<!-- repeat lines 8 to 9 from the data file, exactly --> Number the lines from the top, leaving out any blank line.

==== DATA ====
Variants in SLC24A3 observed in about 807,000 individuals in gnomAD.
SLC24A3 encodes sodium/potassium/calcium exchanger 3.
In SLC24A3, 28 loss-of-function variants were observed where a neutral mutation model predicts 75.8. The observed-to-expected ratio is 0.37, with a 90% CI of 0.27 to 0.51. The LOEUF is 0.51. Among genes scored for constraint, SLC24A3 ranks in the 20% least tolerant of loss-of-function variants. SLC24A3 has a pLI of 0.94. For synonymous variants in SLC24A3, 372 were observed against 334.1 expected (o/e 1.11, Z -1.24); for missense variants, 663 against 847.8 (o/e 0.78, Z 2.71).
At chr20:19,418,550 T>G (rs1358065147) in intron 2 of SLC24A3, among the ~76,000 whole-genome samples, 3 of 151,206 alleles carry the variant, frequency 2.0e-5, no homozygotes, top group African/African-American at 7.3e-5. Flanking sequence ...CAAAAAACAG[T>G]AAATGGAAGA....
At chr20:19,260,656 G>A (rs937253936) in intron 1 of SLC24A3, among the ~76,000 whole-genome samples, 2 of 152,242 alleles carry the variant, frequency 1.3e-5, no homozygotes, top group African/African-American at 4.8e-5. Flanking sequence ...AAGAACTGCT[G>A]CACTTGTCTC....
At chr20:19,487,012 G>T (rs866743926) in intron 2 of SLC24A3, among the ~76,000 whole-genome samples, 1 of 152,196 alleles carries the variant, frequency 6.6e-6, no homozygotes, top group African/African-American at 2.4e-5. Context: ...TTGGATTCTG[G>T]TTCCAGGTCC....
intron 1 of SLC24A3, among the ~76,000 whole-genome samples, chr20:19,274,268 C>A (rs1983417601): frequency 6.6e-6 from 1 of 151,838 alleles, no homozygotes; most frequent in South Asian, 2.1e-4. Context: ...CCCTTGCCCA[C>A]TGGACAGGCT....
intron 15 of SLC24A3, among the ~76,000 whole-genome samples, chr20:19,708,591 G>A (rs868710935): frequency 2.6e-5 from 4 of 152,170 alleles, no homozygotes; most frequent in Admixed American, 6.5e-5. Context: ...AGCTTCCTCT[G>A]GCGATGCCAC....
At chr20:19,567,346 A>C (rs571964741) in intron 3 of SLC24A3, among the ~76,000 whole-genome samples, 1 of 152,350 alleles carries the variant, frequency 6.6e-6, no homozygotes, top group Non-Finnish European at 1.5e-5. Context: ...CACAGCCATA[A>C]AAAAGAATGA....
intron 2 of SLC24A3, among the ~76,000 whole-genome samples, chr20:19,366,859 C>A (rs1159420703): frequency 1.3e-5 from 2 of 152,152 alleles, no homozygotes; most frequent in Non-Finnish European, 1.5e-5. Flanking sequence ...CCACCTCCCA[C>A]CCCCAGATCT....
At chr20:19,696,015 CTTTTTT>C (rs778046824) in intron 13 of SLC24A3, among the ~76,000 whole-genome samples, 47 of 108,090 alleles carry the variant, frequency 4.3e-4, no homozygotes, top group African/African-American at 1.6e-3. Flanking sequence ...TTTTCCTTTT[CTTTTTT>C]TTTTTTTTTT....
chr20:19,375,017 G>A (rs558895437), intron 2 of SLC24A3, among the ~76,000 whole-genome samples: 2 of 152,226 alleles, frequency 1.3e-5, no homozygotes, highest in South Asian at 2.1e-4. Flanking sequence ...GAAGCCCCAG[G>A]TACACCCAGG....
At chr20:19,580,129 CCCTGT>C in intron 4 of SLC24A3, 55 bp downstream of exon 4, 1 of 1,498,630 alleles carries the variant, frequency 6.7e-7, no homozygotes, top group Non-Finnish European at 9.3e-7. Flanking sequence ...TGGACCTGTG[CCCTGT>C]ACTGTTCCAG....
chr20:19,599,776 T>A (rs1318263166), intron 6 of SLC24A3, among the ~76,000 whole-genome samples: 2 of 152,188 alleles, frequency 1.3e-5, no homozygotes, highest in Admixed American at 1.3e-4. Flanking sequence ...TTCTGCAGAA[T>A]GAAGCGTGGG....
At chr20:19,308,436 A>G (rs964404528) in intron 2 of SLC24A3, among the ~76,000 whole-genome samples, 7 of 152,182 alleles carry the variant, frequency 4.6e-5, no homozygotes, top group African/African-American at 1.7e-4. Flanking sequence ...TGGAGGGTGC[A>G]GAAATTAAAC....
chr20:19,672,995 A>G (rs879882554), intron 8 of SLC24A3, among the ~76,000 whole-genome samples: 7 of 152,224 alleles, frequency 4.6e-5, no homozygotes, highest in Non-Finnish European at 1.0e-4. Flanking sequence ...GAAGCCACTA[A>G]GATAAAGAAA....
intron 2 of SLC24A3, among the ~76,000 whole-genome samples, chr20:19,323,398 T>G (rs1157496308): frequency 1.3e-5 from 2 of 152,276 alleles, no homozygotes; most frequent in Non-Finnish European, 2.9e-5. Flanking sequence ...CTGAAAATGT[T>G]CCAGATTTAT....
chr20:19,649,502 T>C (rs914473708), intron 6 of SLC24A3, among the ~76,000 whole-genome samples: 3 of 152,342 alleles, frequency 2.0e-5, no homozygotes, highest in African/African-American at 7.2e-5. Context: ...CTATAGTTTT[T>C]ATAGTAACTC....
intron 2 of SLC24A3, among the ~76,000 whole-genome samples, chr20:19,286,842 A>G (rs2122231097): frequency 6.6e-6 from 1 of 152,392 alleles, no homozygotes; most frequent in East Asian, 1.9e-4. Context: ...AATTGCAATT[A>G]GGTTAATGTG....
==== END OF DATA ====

intron 15 of SLC24A3, among the ~76,000 whole-genome samples, chr20:19,708,591 G>A (rs868710935): frequency 2.6e-5 from 4 of 152,170 alleles, no homozygotes; most frequent in Admixed American, 6.5e-5. Context: ...AGCTTCCTCT[G>A]GCGATGCCAC....
At chr20:19,567,346 A>C (rs571964741) in intron 3 of SLC24A3, among the ~76,000 whole-genome samples, 1 of 152,350 alleles carries the variant, frequency 6.6e-6, no homozygotes, top group Non-Finnish European at 1.5e-5. Context: ...CACAGCCATA[A>C]AAAAGAATGA....